|US5244813||Apr 20, 1992||Sep 14, 1993||Trustees Of Tufts College||Fiber optic sensor, apparatus, and methods for detecting an organic analyte in a fluid or vapor sample|
|US5250264||Dec 21, 1992||Oct 5, 1993||Trustees Of Tufts College||Method of making imaging fiber optic sensors to concurrently detect multiple analytes of interest in a fluid sample|
|US5252494||Mar 30, 1992||Oct 12, 1993||Trustees Of Tufts College||Fiber optic sensors, apparatus, and detection methods using controlled release polymers and reagent formulations held within a polymeric reaction matrix|
|US5254477||Sep 19, 1991||Oct 19, 1993||Trustees Of Tufts College||Flourescence intramolecular energy transfer conjugate compositions and detection methods|
|US5272081||Feb 4, 1991||Dec 21, 1993||Bar-Ilan University||System and methods for cell selection|
|US5298741||Jan 13, 1993||Mar 29, 1994||Trustees Of Tufts College||Thin film fiber optic sensor array and apparatus for concurrent viewing and chemical sensing of a sample|
|US5302509||Feb 27, 1991||Apr 12, 1994||Beckman Instruments, Inc.||Method for sequencing polynucleotides|
|US5310674||Jul 29, 1991||May 10, 1994||Bar-Ilan University||Apertured cell carrier|
|US5320814||Nov 25, 1992||Jun 14, 1994||Trustees Of Tufts College||Fiber optic array sensors, apparatus, and methods for concurrently visualizing and chemically detecting multiple analytes of interest in a fluid sample|
|US5357590||Apr 7, 1993||Oct 18, 1994||Siemens Aktiengesellshcaft||Device for optically coupling a plurality of first optical waveguides to a plurality of second optical waveguides|
|US5380489||Feb 18, 1992||Jan 10, 1995||Eastman Kodak Company||Element and method for nucleic acid amplification and detection using adhered probes|
|US5435724||Jul 6, 1994||Jul 25, 1995||International Business Machines Corporation||Dental procedures and apparatus using ultraviolet radiation|
|US5481629||May 31, 1994||Jan 2, 1996||Fujitsu Limited||Hybrid optical IC with optical axes at different levels|
|US5494798||Dec 9, 1993||Feb 27, 1996||Gerdt; David W.||Fiber optic evanscent wave sensor for immunoassay|
|US5496997||Jan 3, 1994||Mar 5, 1996||Pope; Edward J. A.||Sensor incorporating an optical fiber and a solid porous inorganic microsphere|
|US5506141||May 9, 1994||Apr 9, 1996||Bar-Ilan University||Apertured cell carrier|
|US5512490||Aug 11, 1994||Apr 30, 1996||Trustees Of Tufts College||Optical sensor, optical sensing apparatus, and methods for detecting an analyte of interest using spectral recognition patterns|
|US5516635||Oct 15, 1992||May 14, 1996||Ekins; Roger P.||Binding assay employing labelled reagent|
|US5518883||Jun 15, 1993||May 21, 1996||Soini; Erkki J.||Biospecific multiparameter assay method|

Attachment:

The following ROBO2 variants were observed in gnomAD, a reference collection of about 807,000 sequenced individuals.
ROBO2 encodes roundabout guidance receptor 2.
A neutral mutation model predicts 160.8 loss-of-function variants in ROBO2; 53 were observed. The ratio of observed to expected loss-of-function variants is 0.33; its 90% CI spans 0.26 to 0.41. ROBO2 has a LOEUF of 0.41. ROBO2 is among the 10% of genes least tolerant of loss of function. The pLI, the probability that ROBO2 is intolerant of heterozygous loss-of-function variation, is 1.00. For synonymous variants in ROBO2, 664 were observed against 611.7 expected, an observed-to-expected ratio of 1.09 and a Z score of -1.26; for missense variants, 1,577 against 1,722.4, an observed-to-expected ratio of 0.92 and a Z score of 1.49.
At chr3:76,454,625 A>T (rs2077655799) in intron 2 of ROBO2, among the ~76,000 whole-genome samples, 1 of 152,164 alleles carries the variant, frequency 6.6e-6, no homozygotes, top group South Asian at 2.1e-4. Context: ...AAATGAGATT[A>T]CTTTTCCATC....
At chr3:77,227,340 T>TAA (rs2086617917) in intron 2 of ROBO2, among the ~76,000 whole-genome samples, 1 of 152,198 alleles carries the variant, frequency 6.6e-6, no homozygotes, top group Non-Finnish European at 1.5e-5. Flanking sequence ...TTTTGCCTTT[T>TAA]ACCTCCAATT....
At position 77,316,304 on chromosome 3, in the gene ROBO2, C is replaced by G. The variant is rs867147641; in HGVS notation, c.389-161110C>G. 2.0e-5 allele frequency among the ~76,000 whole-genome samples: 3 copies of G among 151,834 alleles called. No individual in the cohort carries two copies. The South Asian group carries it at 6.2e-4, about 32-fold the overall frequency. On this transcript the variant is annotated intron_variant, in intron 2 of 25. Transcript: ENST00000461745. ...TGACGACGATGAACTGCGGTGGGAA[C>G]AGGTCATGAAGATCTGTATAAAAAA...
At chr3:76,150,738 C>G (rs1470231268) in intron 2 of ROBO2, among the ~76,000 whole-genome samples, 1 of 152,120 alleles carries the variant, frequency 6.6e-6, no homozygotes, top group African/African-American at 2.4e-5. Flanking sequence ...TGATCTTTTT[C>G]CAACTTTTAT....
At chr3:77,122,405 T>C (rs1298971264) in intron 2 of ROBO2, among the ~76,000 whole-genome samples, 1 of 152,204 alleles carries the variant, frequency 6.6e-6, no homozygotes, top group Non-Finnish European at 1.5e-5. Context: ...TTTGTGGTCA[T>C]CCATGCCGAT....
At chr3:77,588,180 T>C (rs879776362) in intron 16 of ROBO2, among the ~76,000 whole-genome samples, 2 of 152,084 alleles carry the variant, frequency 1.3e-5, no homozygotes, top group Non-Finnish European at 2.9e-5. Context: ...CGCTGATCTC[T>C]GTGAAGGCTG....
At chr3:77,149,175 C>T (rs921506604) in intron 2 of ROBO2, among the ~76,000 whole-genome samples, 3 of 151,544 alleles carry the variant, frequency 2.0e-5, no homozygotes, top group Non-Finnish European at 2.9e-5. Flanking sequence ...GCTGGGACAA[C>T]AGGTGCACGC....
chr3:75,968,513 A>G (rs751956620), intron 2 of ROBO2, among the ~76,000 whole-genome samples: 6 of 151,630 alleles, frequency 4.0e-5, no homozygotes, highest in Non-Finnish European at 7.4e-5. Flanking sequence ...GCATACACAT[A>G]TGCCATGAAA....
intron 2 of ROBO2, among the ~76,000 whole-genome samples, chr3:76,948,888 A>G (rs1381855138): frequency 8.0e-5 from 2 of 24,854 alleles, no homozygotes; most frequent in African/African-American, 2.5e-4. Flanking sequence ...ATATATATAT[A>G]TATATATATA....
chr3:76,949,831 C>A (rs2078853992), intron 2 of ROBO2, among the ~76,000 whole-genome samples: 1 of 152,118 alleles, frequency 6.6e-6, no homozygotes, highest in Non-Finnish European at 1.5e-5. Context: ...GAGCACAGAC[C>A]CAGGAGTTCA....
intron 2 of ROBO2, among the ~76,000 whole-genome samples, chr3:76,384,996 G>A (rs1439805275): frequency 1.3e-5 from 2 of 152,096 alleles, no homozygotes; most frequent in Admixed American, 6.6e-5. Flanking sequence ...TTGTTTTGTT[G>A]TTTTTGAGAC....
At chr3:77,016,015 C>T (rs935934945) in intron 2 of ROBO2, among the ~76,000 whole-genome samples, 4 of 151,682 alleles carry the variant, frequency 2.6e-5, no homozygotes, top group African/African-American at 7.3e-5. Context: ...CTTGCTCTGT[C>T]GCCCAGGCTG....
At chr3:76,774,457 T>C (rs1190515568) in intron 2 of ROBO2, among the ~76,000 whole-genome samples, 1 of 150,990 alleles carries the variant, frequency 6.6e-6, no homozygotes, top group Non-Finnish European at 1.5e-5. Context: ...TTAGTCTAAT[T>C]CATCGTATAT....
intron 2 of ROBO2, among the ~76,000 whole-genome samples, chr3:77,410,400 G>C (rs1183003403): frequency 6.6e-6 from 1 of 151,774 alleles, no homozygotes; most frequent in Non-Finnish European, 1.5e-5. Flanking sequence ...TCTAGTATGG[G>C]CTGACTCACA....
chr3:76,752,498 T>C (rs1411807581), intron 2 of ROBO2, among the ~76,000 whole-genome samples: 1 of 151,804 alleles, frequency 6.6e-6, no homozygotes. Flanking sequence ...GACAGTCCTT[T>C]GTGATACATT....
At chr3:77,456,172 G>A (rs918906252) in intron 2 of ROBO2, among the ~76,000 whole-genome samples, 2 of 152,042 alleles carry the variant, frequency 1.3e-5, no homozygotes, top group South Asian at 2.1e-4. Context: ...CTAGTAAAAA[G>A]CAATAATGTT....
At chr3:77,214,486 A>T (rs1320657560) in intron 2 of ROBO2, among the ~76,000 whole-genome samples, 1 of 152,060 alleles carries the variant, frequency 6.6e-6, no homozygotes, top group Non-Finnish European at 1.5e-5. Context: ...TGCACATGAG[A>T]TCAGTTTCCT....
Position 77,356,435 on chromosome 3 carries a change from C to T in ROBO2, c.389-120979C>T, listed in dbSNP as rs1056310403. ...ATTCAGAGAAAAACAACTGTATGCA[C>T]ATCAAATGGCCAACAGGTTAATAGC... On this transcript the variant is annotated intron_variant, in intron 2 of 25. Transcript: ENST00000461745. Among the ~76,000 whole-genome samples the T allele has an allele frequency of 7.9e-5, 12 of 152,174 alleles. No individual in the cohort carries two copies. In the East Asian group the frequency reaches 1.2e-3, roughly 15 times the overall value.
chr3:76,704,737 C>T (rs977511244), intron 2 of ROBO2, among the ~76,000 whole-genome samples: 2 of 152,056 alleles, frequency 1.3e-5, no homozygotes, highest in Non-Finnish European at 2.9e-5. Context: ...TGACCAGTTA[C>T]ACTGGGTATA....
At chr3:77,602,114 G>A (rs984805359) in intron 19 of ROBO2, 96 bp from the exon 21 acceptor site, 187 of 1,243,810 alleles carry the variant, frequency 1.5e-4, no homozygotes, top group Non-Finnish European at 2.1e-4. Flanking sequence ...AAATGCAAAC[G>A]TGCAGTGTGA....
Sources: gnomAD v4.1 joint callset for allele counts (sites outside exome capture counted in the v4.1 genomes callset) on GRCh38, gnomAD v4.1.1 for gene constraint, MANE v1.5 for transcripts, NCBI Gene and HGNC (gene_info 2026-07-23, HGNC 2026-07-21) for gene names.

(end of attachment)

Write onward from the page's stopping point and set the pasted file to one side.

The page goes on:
|US5565324||Apr 13, 1994||Oct 15, 1996||The Trustees Of Columbia University In The City Of New York||Complex combinatorial chemical libraries encoded with tags|
|US5573909||May 20, 1994||Nov 12, 1996||Molecular Probes, Inc.||Fluorescent labeling using microparticles with controllable stokes shift|
|US5575849||Apr 21, 1994||Nov 19, 1996||Canon Kabushiki Kaisha||Apparatus for producing a substrate having a surface with a plurality of spherical dimples for photoconductive members|
|US5631170 *||Jun 9, 1993||May 20, 1997||Applied Research Systems Ars Holding N.V.||Method for improving measurement precision in evanescent wave optical biosensor assays|
|US5633972||Nov 29, 1995||May 27, 1997||Trustees Of Tufts College||Superresolution imaging fiber for subwavelength light energy generation and near-field optical microscopy|
|US5639603||Nov 2, 1993||Jun 17, 1997||Affymax Technologies N.V.||Synthesizing and screening molecular diversity|
|US5656241||Sep 7, 1995||Aug 12, 1997||Optical Sensors Incorporated||Method for manufacturing fiber optic sensors|
|US5671303 *||Apr 17, 1996||Sep 23, 1997||Motorola, Inc.||Molecular detection apparatus and method using optical waveguide detection|
|US5677196 *||Jun 22, 1994||Oct 14, 1997||University Of Utah Research Foundation||Apparatus and methods for multi-analyte homogeneous fluoro-immunoassays|
|US5690894||May 23, 1995||Nov 25, 1997||The Regents Of The University Of California||High density array fabrication and readout method for a fiber optic biosensor|
|US5702915||Oct 12, 1995||Dec 30, 1997||Nec Corporation||Toxicity detecting biosensor system|
|US5846842 *||Apr 30, 1996||Dec 8, 1998||University Of Utah Research Foundation||Waveguide immunosensor with coating chemistry and providing enhanced sensitivity|
|US5863708||Jan 27, 1997||Jan 26, 1999||Sarnoff Corporation||Partitioned microelectronic device array|